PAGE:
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Rogers: Troop movement, 'covert operation' suggests Putin not finished in Ukraine

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March 23, 2014: An anti-war rallier with a sign depicting Russian President Vladimir Putin, Independence Square, in Kiev, Ukraine. (REUTERS)

Russian President Vladimir Putin is showing telltale signs that he intends to extend his control over Ukraine and perhaps elsewhere in Eastern Europe, House Intelligence Committee Chairman Rep. Mike Rogers said Sunday.

Beyond assembling military armor and tens of thousands of troops along the Russia-Ukraine border, Putin is moving troops in northern Georgia and planting intelligence officers in Ukraine, the Michigan Republican told “Fox News Sunday.”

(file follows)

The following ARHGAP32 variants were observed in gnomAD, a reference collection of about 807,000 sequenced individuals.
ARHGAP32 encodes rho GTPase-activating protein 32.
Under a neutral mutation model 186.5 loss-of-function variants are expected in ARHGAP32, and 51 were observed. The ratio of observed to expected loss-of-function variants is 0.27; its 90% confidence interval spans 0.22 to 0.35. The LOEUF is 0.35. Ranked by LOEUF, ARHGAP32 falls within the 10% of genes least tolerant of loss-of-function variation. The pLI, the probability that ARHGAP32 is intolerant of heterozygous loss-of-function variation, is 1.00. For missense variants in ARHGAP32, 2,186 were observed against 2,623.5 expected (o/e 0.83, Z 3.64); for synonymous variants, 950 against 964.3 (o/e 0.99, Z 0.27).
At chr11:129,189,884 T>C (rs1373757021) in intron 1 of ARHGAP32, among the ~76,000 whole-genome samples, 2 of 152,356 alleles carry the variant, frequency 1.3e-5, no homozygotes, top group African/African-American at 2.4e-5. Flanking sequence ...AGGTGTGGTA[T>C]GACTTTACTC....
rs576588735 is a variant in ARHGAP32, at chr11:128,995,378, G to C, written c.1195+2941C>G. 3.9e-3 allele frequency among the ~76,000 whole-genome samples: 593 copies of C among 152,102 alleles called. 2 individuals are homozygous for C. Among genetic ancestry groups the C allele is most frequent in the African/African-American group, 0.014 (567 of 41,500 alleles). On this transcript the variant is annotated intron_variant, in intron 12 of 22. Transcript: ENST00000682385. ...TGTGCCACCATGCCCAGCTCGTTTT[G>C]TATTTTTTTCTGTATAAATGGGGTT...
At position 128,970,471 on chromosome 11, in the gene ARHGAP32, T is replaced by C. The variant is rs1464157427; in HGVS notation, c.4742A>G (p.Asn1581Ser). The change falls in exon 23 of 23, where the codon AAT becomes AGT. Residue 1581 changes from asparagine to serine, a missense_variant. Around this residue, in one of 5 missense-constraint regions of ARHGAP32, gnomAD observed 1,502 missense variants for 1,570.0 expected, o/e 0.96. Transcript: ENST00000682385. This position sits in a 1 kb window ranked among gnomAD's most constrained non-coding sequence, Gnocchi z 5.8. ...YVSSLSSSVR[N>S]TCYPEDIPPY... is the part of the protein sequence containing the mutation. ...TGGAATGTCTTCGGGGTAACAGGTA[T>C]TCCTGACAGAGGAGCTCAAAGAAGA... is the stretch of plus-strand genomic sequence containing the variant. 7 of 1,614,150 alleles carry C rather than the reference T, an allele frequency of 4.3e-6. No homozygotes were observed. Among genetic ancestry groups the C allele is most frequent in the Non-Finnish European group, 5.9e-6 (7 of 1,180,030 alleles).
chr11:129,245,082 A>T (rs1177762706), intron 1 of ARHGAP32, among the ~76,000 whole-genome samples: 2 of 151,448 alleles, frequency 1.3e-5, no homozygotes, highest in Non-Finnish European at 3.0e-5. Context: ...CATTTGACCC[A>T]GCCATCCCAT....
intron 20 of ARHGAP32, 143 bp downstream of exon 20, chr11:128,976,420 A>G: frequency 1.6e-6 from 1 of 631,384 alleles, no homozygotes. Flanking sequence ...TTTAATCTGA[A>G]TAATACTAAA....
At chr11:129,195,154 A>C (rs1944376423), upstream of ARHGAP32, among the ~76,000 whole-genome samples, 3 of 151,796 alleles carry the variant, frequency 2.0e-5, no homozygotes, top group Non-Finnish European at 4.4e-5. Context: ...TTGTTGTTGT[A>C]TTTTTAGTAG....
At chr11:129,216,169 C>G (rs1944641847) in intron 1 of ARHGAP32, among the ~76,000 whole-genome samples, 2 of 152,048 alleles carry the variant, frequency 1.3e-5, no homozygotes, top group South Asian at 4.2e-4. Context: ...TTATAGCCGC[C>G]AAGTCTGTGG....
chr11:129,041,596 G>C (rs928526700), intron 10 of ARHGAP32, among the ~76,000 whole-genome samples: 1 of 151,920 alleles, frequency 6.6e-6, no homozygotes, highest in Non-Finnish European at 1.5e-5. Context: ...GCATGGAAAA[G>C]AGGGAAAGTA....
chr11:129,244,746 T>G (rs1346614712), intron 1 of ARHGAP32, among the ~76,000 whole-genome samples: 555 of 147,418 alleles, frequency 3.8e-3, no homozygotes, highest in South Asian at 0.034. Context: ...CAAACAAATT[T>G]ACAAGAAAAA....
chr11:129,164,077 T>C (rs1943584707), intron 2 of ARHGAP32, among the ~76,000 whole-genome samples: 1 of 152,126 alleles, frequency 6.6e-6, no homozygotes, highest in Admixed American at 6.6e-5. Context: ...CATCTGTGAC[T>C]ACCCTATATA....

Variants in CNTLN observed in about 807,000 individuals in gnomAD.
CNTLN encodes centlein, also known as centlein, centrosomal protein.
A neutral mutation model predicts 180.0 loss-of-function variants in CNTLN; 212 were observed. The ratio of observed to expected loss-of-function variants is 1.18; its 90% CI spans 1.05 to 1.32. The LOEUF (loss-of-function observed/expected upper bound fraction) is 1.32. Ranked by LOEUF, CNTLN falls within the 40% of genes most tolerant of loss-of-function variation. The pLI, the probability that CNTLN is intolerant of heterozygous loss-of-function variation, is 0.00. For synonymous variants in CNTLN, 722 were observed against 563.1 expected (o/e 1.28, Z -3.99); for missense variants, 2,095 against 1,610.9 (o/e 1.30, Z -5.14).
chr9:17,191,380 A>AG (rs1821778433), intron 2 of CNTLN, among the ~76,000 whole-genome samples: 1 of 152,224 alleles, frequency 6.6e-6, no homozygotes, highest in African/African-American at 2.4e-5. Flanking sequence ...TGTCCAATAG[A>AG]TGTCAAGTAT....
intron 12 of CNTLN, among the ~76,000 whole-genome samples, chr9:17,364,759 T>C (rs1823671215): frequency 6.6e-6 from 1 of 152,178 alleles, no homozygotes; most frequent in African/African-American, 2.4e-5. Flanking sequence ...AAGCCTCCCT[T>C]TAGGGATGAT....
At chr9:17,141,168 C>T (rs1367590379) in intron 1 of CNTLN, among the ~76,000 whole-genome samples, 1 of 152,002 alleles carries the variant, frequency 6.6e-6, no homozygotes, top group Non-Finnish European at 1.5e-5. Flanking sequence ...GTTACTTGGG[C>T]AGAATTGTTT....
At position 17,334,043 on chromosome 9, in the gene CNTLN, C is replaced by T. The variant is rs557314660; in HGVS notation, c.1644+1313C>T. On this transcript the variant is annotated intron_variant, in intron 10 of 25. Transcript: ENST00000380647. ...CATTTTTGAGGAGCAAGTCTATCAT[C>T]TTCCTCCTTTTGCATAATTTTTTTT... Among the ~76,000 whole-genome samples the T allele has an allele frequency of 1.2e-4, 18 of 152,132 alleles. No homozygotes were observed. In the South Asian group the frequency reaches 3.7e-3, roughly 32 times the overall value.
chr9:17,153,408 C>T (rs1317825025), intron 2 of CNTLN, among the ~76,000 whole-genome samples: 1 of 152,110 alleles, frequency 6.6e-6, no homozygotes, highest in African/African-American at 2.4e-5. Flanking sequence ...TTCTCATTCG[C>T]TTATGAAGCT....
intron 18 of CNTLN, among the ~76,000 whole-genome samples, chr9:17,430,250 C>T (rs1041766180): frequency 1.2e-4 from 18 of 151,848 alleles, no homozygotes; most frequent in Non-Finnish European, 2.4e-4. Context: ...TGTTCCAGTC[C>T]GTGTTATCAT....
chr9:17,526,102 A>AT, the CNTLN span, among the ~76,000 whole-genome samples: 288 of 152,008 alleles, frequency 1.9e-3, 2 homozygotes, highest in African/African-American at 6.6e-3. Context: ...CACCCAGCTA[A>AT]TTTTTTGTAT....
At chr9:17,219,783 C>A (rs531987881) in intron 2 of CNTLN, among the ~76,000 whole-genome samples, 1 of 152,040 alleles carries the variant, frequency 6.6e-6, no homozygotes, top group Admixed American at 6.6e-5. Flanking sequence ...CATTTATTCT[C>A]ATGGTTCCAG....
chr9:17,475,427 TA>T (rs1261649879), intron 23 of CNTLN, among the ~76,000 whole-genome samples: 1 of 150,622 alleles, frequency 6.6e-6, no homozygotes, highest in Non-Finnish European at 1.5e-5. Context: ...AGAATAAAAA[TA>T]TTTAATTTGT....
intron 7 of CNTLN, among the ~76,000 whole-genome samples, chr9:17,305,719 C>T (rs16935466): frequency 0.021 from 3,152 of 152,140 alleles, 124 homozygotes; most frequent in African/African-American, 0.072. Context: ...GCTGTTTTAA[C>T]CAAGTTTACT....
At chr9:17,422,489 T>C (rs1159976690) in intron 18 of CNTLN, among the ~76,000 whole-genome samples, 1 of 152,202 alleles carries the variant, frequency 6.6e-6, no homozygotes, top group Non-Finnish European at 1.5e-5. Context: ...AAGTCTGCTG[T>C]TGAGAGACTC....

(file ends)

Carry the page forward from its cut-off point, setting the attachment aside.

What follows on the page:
He said Russian troops in the northern region of Georgia, known as South Ossetia, are on the move, perhaps to go into Armenia or toward the Baltic Sea.

“There’s no way I’d take this as any other way than [Putin] is working for a land bridge,” Rogers said.

He said the Russian president also is engaged in a more “covert operation” by sending intelligence officers and special forces into eastern Ukraine to try to convince citizens to allow Russia to annex their country, like Putin did with Ukraine’s Crimea region earlier this month.

Russian officials have argued they are only trying to protect their interests in Ukraine amid months of political turmoil that resulted in the ouster of that country’s Moscow-backed president several weeks ago.

They have also said the troop buildup along the Ukraine border is part of routine military exercises.

However, Rogers says the real concern is the kind of buildup, which includes heavy armor as well as light and heavy infantry.

Rogers says he has no way of knowing Putin’s exact intentions and is basing his analysis on how he has acted in the past. 

Besides annexing Crimea, Putin sent troop into Ossetia in 2008 to take control of the region.